This remarkable collection provides a personal look at Rogers' youth, marriage, and aging, and also addresses personal growth, education, and "client-centered therapy."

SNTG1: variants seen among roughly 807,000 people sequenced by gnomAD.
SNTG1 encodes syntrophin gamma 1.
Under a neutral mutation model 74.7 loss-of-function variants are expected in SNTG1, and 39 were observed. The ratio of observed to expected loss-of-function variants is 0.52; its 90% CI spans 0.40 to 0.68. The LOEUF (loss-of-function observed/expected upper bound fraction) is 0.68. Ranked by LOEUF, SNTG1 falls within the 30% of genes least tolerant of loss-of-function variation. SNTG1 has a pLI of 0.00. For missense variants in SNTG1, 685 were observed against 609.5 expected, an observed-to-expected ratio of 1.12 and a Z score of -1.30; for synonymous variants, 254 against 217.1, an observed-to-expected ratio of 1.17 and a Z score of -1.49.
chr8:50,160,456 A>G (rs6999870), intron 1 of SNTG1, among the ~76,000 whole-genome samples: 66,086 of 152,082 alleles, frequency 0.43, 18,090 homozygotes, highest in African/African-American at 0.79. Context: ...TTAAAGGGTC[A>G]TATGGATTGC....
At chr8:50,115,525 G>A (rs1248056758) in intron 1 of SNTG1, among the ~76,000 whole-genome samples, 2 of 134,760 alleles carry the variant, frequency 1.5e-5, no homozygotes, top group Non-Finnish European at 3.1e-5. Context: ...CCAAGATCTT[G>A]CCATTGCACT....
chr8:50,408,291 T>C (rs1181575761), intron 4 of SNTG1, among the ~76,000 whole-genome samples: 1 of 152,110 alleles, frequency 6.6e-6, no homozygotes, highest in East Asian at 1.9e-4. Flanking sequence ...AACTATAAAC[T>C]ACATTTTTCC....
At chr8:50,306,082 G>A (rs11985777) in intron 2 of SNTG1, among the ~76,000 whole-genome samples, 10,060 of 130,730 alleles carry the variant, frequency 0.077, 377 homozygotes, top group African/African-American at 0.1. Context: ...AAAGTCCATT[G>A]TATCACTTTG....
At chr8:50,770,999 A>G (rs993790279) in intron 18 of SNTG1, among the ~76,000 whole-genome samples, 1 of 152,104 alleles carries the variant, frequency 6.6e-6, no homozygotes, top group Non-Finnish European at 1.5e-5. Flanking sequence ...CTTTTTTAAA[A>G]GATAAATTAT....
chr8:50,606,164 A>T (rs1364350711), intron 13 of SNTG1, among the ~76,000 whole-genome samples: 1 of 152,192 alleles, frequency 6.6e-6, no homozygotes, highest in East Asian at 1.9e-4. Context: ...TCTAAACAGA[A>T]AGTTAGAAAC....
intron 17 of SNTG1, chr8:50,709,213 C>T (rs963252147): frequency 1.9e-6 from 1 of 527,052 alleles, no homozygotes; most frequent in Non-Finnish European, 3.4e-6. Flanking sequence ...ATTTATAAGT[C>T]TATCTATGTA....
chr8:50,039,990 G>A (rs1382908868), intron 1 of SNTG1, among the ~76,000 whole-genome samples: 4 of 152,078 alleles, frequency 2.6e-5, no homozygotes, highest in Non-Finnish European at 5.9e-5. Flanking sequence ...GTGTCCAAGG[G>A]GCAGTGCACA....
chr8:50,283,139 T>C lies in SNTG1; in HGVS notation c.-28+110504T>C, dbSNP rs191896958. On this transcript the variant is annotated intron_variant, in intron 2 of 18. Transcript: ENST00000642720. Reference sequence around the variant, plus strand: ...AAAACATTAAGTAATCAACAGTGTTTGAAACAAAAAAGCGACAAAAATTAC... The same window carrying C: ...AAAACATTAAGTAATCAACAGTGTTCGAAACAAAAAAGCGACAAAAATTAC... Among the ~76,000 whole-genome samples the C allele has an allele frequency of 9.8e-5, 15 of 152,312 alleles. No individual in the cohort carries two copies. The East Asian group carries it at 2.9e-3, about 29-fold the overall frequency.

The currently popular publishing ploy of presenting as ``readers'' the exemplary writings of individual social scientists here benefits both Carl Rogers (1902-87) and audiences familiar or unfamiliar with his multifaceted work. Most of the selections have been published previously, some as early as 1942, but they are well arranged here, forming a coherent and informative portrait of Rogers as therapist, researcher, theoretician, educator, philosopher, diplomat, and private person. While ``encounter group'' now seems a buzzword past its prime, the form of person-oriented encounter Rogers helped to institutionalize in clinics, schools, and other professional settings is very much a part of contemporary American social theory. Although a few very academic papers are included, this volume will interest general readers (in part if not in full) as well as specialists.-- Francisca Goldsmith, Berkeley P.L., Cal.